By BRAD KELLAR
The Greenville Police Department has been honored as one of the finest law enforcement agencies in the United States.
Police Chief Daniel Busken told the City Council this week that the department was recognized during the 119th Annual Conference of the International Association of Chiefs of Police, Sept. 29 — Oct. 3, in San Diego, California.
Busken said Greenville was the recipient of an IACP/Motorola Webber Seavey Award for Quality in Law Enforcement.
“The Greenville Police Department was recognized as a top 10 finalist,” Busken said. “I am very proud to bring this award home.”
A total of 55 law enforcement agencies were in the running for the award, and Greenville was the only finalist in Texas this year.
Jointly sponsored by the International Association of Chiefs of Police (IACP) and Motorola, the Webber Seavey Award is presented annually to agencies and departments worldwide in recognition for promoting a standard of excellence that exemplifies law enforcement’s contribution and dedication to the quality of life in local communities.
Named for the association’s first president, the IACP/Motorola Webber Seavey Award annually honors achievements in one or more of the following goals:
— Continually improving services to the community;
— Strengthening police relations and promoting community participation;
— Effectively using resources;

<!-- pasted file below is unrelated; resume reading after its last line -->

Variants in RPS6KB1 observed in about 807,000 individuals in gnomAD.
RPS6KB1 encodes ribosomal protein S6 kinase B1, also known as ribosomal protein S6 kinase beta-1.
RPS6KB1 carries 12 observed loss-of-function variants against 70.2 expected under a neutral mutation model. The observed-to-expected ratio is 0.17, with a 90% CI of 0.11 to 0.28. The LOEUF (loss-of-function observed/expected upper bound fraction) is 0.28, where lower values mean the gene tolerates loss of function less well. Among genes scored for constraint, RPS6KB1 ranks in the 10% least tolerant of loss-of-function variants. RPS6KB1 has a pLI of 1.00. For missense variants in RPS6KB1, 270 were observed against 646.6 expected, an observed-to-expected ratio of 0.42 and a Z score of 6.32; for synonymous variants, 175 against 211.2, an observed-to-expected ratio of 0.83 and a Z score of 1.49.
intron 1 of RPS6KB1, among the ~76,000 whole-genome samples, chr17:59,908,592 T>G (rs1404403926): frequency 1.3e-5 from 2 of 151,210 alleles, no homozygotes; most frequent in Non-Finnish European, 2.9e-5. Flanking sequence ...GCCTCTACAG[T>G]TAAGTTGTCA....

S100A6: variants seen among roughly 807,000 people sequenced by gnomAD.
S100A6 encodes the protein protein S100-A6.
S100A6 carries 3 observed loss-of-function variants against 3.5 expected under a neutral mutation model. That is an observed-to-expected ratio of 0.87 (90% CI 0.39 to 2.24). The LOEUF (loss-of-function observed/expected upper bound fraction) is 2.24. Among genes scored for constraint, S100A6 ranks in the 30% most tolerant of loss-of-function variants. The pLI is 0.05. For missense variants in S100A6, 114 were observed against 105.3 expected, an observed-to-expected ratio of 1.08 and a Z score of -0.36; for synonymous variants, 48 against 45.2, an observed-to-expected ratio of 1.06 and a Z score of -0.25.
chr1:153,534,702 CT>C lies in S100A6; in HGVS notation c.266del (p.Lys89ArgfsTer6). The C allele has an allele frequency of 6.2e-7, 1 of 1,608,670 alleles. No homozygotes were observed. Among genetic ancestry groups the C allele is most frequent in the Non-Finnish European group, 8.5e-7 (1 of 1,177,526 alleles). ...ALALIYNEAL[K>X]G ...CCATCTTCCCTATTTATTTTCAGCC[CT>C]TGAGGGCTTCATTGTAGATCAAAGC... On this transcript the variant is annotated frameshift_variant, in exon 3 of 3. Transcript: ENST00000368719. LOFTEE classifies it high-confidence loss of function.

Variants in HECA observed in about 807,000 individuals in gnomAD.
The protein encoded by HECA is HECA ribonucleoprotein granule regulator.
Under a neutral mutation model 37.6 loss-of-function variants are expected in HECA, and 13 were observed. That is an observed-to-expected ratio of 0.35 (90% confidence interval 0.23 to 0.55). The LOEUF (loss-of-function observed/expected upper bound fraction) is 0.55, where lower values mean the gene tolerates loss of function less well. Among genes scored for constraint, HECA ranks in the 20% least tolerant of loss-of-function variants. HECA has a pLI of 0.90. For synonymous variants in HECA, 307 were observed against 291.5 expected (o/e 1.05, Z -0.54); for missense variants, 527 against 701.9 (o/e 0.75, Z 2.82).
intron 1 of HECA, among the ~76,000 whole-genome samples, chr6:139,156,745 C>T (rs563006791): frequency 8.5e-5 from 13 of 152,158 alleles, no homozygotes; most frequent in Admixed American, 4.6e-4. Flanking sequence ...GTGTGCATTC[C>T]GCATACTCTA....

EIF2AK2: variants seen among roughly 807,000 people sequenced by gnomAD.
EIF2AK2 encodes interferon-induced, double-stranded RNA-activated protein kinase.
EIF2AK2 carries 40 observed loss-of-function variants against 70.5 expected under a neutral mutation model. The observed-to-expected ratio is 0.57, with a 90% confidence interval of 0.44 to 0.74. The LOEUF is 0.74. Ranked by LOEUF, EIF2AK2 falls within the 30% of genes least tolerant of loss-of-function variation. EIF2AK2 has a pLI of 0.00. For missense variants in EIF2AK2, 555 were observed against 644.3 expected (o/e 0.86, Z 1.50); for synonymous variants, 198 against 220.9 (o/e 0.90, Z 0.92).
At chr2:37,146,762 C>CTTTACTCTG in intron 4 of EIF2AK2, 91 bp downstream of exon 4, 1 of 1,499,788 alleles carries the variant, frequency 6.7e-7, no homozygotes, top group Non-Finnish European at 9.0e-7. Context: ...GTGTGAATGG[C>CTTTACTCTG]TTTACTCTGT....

— Enhancing communications within, and cooperation among agencies;
— Developing creative and innovative approaches that promote excellence in law enforcement.
The Greenville Police Department qualified for the award following the launch of the Inter-Organization Vehicle Burglary Task Force.
Busken also received the 2012 Innovation Award from the Texas Police Chiefs Association as a result of the investigation, which involved more than 50 individual thefts and related offenses during a 19-month period.
The investigation included the execution of four search warrants and the recovery of thousands of dollars of stolen property and almost 150 pieces of identifying information. The investigation closed with criminal indictments against 20 individuals, all of whom accepted plea arrangements and were sentenced.
Busken credited the efforts of his investigators and patrol officers, along with the prosecutions from the Hunt County District Attorney’s Office, for the success of the program.